Canterbury Decorative & Fine Arts Society (CADFAS)

Founded in 2001, CADFAS (Canterbury Decorative and Fine Arts Society) was the first NZ overseas member society of The Arts Society (formerly NADFAS) in the UK. The success of the Society is built on the high quality of the monthly lectures which are given by lecturers of proven ability who are specialists in their field and are endorsed by The Arts Society. CADFAS is twinned with both the Harrogate and Brisbane River Societies.

CADFAS Programme Details

The lectures are held in the Charles Luney Auditorium, St Margaret’s College, 12 Winchester Street, at 7.30 pm on a Monday evening. They last approximately one hour and wine and sandwiches are served afterwards. Guests of current CADFAS members are most welcome ($25.00 per guest) and $15 for visiting members of other New Zealand DFAS Societies but we would appreciate their names in advance so name tags may be prepared. Please phone or text Jan Rutherford 027 227 7149 or Libby Harrop 027 473 0028.

OUR 2023 PROGRAMME

We have continued to be challenged by Covid-19 and the border situation, however in 2022 we were able to deliver a full programme of eight Society lectures to members, either gathered at the venue or online at home. Additional online topics were also offered for home viewing.

In 2023, we return more to normal with a mix of accredited The Arts Society lecturers from the UK, and one New Zealand and one Australian based lecturer – most will be with us in person with just a couple by live broadcast. We hope that things will run smoothly but will be ready to adapt our programme arrangements if necessary. We will continue to deliver lectures directly to members at home if any gathering restrictions should require it.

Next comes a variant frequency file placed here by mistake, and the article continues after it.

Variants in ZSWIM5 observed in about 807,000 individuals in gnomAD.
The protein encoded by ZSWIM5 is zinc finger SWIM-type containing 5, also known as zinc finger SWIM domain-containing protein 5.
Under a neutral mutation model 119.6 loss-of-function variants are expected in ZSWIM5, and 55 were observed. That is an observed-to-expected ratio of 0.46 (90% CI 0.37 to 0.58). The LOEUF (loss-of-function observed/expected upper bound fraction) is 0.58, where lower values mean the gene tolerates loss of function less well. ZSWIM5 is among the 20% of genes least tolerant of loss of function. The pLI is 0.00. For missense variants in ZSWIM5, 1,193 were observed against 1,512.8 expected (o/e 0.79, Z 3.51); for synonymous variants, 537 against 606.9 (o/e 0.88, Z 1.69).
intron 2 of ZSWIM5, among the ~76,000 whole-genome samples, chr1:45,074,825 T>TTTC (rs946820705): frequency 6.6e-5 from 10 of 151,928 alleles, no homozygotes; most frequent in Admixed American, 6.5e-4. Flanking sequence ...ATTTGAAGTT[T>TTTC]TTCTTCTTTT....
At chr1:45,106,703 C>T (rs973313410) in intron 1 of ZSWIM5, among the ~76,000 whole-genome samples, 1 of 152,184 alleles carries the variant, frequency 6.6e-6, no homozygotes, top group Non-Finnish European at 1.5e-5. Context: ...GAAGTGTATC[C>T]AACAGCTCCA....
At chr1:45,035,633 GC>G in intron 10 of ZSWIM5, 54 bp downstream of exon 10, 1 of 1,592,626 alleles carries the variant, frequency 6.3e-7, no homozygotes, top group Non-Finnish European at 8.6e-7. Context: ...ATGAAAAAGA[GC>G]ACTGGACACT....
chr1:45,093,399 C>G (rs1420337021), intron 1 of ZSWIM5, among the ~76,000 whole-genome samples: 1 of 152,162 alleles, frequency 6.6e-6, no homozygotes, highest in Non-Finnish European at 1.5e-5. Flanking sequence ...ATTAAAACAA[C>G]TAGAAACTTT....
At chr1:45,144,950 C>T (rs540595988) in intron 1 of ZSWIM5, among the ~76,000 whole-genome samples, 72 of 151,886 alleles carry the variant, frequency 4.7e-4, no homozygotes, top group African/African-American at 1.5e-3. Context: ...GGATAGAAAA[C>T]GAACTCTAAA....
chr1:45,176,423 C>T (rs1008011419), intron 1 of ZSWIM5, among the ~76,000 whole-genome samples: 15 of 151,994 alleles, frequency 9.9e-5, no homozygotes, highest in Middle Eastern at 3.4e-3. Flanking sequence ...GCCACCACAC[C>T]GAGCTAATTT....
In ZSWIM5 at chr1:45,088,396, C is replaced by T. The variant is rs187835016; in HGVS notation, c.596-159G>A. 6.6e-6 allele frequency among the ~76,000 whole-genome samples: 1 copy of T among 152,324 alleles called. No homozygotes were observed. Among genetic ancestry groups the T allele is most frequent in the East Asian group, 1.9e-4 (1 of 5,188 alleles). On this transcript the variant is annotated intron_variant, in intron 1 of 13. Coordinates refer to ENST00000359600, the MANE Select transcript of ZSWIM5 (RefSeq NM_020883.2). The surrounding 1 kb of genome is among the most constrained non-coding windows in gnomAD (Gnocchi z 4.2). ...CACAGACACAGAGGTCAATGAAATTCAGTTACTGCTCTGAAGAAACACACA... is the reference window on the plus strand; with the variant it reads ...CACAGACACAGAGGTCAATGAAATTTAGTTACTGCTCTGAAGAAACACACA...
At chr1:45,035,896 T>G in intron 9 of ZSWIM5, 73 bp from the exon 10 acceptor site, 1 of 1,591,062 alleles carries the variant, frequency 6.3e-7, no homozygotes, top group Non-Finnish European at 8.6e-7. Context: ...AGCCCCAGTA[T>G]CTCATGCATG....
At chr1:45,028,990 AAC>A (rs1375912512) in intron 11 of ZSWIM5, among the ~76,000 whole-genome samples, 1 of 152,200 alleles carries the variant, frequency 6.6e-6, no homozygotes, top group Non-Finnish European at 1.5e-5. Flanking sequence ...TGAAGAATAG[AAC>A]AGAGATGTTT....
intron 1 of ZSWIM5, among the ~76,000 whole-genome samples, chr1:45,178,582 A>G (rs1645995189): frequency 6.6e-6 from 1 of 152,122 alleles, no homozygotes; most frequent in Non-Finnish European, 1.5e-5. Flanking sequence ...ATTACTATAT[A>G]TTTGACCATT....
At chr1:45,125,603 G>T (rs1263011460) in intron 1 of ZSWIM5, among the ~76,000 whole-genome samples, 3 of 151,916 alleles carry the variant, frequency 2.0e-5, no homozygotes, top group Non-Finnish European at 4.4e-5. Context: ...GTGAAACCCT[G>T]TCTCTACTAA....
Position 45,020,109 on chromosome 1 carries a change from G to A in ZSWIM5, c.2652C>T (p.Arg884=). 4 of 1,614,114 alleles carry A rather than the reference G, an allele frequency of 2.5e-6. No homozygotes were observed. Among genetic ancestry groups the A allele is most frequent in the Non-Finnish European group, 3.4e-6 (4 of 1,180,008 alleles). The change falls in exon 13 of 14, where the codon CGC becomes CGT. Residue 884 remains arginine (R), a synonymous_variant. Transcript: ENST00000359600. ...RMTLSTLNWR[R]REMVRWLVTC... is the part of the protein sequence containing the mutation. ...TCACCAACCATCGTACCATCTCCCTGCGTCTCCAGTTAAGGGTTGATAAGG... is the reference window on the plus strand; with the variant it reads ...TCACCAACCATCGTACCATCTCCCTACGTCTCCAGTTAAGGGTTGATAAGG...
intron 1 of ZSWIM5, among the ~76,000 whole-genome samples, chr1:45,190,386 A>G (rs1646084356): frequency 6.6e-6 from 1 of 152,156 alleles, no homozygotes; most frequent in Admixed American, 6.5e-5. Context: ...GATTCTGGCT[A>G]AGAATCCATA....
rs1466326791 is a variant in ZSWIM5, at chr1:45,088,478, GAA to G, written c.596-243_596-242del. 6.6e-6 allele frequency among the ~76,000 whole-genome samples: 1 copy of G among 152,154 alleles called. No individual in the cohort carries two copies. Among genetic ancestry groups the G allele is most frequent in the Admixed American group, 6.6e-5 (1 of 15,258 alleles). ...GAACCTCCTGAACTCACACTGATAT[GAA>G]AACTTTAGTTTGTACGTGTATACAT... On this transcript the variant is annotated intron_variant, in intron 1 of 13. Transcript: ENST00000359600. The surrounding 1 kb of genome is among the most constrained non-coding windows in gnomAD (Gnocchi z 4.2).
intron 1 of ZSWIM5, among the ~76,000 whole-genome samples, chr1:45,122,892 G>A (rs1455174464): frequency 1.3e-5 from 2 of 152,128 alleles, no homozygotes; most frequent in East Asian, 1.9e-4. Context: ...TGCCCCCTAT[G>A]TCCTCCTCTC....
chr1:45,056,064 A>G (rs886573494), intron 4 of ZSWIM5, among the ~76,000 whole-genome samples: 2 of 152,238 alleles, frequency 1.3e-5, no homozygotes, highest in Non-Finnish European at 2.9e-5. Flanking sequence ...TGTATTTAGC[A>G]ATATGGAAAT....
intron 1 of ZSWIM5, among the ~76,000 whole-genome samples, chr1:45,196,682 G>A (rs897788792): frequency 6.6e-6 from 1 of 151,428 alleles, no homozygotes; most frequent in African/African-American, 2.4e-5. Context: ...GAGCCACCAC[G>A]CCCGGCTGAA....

Membership

Our subscription for 2023 is $120.00 per person. Subscription notices are sent out in October and are payable by 31st October.

Returning members:  Please make payment by internet banking and ensure you include your last name and initials in the Reference field.
If you have changed any contact details please complete the CADFAS Membership Form 2023 and return to :  canterburydfas@gmail.com

New Members:  Please download the CADFAS Membership Form 2023 then complete and make your payment according to the directions on the form.

Canterbury – 2023 Lecturer Biographies and Topics

Geoffrey Edwards

Canterbury Lecture Date : MOnday 6 March 2023 – 7.30pm

Geoffrey Edwards was Director of the Geelong Art Gallery, one of Australia’s oldest and largest regional galleries.   Prior to this appointment, he held Senior Curatorial positions at the National Gallery of Victoria where he was in charge of the collections of International and Australian sculpture and Melbourne’s celebrated holdings of ancient, antique and modern glass. His professional affiliations, here and abroad, are extensive and include, amongst others, the Visual Arts Board of the Australia Council, Visions Australia, the International Councils of Museums [ICOM], Craft Australia, Museums Australia [Victoria], the Winston Churchill Trust [he is a former Churchill Fellow], the George Baldessin Trust and the National Trust of Australia [Victoria]. He is the author of various monographs, numerous exhibition catalogues and contributes to journals in Australia, Japan, Britain and the US.

FROM MIAMI TO MERRICKS – THE RISE AND ROLE OF THE MODERN SCULPTURE PARK

As one of the oldest art forms, monumental sculpture has been presented in spectacular outdoor settings since antiquity. The princely estates of Renaissance and Baroque Europe were populated with marble nymphs and classical deities. Major art museums throughout the world feature large-scale sculpture in their gardens and courtyards. But the idea of a park or garden conceived expressly for the display of sculpture is essentially a modern phenomenon. From Miami to Merricks is an account of the creation from the mid-twentieth century onwards of public and private sculpture parks in Europe, the US and Japan including more recent and remarkable examples in New Zealand and Australia.

Marc Allum

Canterbury Lecture Date : Monday 3 April 2023 – 7.30pm